Conrad Hahn is not your typical stockholder in Martha Stewart Living Omnimedia. While tens of thousands of stockholders in the company have seen MSO shares drop more than 50 percent since the beginning of April, Mr. Hahn decided to do something about it – sue.
On Aug. 2, the North Port, Fla., resident, with the help of a Tampa attorney, filed a class-action suit against chief executive Martha Stewart, blaming her for the recent drop in the company’s share price.
In a 13-page complaint, Hahn alleges that he suffered damages of at least $75,000 as a result of Ms. Stewart becoming embroiled in an insider-trading scandal.
“It’s obvious that those practices which she was involved in with this insider trading affected her reputation, and consequently the value of the stock,” says Hahn.
Lawyers for Martha Stewart Living Omnimedia called the suit “totally without merit.” But that’s not dissuading Hahn’s attorney, Guy Burns, from pressing ahead with his lawsuit. He predicts the action will eventually have tens of thousands of class members.
Hahn is far from alone in turning to the courts – and specifically class-action lawsuits – in trying to recover losses from companies or brokerage firms because of alleged securities fraud.
In 2001, according to a Stanford University study, 327 stock-fraud suits were filed nationwide against corporations ranging from Cisco Systems to eBay, compared with 204 cases the previous year. And securities lawyers acknowledge that the suits are getting a lot more attention since the recent failures of Global Crossing, Enron, and WorldCom. And that, according to legal analysts, has led to larger classes filing claims.
“Shareholders who have had losses are much more likely to join a class action, particularly with the publicity they are getting on CNBC and CNN,” says Lawrence Mitchell, a professor of law at George Washington University and the author of “Corporate Irresponsibility.” “It’s like throwing spaghetti at the wall and seeing what sticks. Many people feel they have nothing to lose in trying to cover some of their losses.”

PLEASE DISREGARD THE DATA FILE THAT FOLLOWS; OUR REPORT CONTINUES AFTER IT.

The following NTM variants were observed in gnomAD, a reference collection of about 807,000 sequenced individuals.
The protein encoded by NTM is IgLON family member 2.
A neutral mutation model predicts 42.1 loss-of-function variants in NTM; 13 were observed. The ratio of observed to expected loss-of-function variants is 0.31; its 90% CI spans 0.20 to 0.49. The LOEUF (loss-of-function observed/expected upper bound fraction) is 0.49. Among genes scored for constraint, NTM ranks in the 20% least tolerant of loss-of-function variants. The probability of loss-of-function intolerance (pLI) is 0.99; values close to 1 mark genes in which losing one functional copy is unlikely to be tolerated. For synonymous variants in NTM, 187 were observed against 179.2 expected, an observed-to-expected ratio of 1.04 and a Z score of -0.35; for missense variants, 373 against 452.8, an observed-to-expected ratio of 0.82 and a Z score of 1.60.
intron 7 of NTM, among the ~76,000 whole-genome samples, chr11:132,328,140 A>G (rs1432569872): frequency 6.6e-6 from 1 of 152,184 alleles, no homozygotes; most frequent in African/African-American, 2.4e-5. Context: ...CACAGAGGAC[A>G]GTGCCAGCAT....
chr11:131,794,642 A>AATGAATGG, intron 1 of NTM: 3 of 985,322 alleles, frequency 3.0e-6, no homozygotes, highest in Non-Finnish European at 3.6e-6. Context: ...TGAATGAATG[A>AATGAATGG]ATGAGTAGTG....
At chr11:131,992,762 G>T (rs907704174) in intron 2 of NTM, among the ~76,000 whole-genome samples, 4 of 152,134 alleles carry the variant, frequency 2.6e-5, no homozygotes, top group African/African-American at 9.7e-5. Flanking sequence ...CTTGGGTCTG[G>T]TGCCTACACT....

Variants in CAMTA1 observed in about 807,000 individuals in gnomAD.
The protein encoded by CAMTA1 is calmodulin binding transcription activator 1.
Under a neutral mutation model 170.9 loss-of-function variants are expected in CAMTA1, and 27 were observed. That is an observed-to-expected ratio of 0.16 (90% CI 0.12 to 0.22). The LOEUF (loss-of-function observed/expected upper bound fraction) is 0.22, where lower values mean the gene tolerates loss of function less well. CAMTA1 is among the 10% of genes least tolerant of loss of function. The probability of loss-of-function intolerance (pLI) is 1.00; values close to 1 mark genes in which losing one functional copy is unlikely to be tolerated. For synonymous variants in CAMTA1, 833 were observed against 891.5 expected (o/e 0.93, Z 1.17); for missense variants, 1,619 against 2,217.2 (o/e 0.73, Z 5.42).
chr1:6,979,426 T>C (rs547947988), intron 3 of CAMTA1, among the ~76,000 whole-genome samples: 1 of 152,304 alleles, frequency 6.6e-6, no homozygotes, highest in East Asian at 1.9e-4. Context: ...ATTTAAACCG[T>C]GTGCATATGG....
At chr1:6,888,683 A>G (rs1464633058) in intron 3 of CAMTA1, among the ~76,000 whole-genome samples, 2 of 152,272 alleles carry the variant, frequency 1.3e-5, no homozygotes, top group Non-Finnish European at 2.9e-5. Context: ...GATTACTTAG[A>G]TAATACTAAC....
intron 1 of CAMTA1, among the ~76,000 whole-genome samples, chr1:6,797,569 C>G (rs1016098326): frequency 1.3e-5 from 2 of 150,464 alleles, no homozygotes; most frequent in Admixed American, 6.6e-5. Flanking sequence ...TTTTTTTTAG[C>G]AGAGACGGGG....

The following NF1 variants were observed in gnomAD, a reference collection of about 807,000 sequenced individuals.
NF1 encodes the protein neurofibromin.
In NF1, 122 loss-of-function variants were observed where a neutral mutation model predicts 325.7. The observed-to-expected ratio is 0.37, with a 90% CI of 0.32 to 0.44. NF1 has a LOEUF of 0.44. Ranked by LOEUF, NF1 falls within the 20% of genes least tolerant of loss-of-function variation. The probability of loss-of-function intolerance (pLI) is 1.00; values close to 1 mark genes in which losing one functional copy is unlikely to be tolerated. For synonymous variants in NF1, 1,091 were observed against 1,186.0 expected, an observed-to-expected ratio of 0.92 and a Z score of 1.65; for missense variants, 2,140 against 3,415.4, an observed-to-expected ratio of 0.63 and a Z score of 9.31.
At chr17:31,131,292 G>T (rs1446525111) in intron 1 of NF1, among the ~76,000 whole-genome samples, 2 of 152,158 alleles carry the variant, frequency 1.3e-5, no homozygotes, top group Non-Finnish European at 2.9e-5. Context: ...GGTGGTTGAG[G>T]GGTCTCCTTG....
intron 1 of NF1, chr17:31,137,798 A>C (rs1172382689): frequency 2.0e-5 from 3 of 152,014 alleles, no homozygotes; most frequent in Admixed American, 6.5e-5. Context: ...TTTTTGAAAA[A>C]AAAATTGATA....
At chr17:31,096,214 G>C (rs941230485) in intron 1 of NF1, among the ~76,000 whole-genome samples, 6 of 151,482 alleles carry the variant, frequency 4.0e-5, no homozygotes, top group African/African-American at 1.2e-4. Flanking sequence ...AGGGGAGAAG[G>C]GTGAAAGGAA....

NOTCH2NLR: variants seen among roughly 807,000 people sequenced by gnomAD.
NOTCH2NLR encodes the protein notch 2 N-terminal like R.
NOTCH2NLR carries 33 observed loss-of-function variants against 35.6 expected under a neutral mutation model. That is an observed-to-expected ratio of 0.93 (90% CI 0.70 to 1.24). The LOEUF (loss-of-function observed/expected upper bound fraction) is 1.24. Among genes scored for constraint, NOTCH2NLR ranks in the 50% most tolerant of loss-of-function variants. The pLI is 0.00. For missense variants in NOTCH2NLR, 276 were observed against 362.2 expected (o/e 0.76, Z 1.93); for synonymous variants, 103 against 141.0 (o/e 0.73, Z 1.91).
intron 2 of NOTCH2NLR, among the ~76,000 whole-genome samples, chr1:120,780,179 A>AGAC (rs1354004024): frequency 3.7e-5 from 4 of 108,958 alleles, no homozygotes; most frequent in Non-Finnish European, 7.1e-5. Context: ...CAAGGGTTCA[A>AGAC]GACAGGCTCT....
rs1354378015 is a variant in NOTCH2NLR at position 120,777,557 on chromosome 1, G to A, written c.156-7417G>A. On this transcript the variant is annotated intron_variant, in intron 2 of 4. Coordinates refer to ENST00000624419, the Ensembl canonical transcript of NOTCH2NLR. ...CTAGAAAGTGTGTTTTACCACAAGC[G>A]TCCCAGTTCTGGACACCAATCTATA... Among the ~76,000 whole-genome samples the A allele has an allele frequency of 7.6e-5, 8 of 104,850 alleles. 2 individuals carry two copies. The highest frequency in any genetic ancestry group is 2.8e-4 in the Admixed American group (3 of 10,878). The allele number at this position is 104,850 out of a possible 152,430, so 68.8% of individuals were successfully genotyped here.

The Web is boosting class-action activity, as more individuals join suits already under way or become aware of suits to which they are automatically a party.
Investors who feel cheated usually file lawsuits against the company in which they invested, rather than against a brokerage firm that helped them invest in the company’s stock.
“Don’t blame your broker because the company ‘cooked the books,’ ” says Marvin McIntyre, a prominent stockbroker for Legg Mason, in Washington. “Your broker, except in extremely rare circumstances, had nothing to do with the financial irregularities that are now coming to light. The company defrauded the entire market, including the very best analysts and the very best brokers.”
Except for a few institutional investors that may have losses in the millions, it is not practical or economically feasible for small investors to sue a company individually. As a result, many who feel defrauded join class-action suits.